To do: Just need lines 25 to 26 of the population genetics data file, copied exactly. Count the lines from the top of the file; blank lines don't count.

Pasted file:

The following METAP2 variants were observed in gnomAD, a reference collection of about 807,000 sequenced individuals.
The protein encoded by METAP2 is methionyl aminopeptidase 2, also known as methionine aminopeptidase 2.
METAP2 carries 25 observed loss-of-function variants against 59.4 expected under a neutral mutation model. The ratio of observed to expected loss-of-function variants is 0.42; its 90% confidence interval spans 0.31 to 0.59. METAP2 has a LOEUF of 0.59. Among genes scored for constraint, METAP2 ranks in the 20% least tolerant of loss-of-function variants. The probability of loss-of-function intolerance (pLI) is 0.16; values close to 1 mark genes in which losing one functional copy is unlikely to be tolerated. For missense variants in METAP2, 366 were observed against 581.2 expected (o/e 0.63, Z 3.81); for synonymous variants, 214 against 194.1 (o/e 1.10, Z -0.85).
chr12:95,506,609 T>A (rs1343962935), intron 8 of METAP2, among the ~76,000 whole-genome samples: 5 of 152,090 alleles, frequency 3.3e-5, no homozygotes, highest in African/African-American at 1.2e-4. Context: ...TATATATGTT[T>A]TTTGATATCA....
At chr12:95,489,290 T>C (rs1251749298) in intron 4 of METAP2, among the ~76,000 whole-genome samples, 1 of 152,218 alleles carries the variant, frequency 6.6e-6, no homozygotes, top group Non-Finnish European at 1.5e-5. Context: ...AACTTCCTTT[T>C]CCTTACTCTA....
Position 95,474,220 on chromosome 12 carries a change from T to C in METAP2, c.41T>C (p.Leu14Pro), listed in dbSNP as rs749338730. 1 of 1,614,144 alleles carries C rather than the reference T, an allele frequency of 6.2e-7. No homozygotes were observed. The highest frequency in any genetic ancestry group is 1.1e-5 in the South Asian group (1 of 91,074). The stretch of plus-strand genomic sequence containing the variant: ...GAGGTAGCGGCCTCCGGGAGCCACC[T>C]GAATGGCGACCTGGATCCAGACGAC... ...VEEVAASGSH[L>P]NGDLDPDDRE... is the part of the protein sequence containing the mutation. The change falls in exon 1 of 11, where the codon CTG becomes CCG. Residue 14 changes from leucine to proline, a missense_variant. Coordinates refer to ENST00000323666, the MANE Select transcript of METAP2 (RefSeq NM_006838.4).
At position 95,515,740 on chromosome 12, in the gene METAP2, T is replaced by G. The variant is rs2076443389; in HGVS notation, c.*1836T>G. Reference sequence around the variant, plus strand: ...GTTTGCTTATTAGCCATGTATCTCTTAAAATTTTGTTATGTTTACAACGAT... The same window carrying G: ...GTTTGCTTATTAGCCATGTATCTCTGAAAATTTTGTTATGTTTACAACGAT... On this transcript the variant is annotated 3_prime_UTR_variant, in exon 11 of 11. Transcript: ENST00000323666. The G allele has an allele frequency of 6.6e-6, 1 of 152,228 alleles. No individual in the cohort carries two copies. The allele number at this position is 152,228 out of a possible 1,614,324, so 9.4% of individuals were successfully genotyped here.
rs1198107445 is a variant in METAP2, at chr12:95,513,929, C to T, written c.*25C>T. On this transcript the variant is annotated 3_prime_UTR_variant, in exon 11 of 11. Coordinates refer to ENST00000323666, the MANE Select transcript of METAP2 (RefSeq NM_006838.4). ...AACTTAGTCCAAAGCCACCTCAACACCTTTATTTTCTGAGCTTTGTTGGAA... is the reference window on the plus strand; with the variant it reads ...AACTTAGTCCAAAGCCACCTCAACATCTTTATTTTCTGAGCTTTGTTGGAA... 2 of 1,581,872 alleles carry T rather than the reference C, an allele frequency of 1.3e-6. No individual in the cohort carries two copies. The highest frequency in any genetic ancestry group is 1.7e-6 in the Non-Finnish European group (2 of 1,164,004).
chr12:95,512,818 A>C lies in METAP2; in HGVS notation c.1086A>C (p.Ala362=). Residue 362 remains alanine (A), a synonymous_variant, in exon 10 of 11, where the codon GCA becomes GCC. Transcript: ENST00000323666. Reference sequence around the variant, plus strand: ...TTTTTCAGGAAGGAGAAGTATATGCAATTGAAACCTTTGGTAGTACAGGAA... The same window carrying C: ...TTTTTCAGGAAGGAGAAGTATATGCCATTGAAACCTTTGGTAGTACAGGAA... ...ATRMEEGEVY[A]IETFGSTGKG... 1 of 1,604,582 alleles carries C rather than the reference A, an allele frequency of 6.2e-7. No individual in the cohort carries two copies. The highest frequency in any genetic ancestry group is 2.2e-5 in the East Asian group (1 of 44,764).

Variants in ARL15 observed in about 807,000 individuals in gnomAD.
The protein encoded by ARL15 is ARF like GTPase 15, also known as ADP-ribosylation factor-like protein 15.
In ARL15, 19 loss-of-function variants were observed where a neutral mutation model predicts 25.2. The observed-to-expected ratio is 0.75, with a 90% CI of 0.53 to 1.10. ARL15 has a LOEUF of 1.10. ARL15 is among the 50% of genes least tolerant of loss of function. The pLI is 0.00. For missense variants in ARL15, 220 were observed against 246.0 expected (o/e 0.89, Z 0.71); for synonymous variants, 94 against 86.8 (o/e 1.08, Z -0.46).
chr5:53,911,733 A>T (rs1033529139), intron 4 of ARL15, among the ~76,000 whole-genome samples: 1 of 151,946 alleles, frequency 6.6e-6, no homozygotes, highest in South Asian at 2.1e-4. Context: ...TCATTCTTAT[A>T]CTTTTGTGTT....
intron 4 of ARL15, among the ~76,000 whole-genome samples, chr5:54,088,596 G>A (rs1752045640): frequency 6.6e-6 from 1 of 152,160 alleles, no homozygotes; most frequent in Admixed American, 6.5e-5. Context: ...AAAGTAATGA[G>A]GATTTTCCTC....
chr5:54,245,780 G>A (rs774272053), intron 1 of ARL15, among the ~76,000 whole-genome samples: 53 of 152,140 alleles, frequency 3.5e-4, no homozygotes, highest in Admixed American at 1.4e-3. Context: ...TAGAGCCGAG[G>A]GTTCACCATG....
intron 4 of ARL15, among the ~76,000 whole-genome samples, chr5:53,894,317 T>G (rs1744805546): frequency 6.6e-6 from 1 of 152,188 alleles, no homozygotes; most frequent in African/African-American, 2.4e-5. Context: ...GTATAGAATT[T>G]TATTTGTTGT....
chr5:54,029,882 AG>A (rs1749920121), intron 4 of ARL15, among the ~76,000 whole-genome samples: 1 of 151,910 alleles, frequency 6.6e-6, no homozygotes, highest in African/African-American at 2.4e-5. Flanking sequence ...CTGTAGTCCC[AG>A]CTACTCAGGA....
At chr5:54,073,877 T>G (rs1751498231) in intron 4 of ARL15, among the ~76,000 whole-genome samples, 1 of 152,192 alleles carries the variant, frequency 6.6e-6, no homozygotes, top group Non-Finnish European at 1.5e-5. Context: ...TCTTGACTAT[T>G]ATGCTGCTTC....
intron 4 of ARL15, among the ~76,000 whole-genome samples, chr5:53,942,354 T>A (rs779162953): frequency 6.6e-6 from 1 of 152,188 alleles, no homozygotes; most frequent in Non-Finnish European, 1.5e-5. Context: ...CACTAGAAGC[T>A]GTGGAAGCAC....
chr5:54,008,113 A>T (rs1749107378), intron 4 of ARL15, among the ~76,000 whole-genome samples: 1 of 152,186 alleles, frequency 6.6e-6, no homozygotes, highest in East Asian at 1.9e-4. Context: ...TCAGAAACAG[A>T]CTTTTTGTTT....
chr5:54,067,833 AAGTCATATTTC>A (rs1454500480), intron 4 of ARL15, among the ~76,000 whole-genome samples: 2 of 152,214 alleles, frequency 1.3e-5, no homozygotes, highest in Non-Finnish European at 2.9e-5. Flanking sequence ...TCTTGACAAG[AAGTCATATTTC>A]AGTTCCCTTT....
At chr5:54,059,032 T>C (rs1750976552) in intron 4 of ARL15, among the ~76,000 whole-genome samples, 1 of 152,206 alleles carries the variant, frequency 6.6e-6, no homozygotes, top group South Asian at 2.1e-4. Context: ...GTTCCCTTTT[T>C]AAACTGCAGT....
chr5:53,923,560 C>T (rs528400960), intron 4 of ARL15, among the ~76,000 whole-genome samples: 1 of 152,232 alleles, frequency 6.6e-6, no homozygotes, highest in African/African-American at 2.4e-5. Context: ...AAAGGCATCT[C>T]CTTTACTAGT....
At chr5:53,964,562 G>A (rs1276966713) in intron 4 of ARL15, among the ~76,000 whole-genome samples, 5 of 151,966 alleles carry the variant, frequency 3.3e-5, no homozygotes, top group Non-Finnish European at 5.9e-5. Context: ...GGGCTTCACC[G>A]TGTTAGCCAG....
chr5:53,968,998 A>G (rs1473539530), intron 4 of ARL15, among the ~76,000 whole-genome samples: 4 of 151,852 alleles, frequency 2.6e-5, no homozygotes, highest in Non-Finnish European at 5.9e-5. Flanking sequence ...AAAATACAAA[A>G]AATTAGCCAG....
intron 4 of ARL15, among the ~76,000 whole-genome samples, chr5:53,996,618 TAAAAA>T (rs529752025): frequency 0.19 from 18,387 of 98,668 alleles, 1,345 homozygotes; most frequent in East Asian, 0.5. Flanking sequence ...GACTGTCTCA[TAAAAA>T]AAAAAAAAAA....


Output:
chr5:53,968,998 A>G (rs1473539530), intron 4 of ARL15, among the ~76,000 whole-genome samples: 4 of 151,852 alleles, frequency 2.6e-5, no homozygotes, highest in Non-Finnish European at 5.9e-5. Flanking sequence ...AAAATACAAA[A>G]AATTAGCCAG....
intron 4 of ARL15, among the ~76,000 whole-genome samples, chr5:53,996,618 TAAAAA>T (rs529752025): frequency 0.19 from 18,387 of 98,668 alleles, 1,345 homozygotes; most frequent in East Asian, 0.5. Flanking sequence ...GACTGTCTCA[TAAAAA>T]AAAAAAAAAA....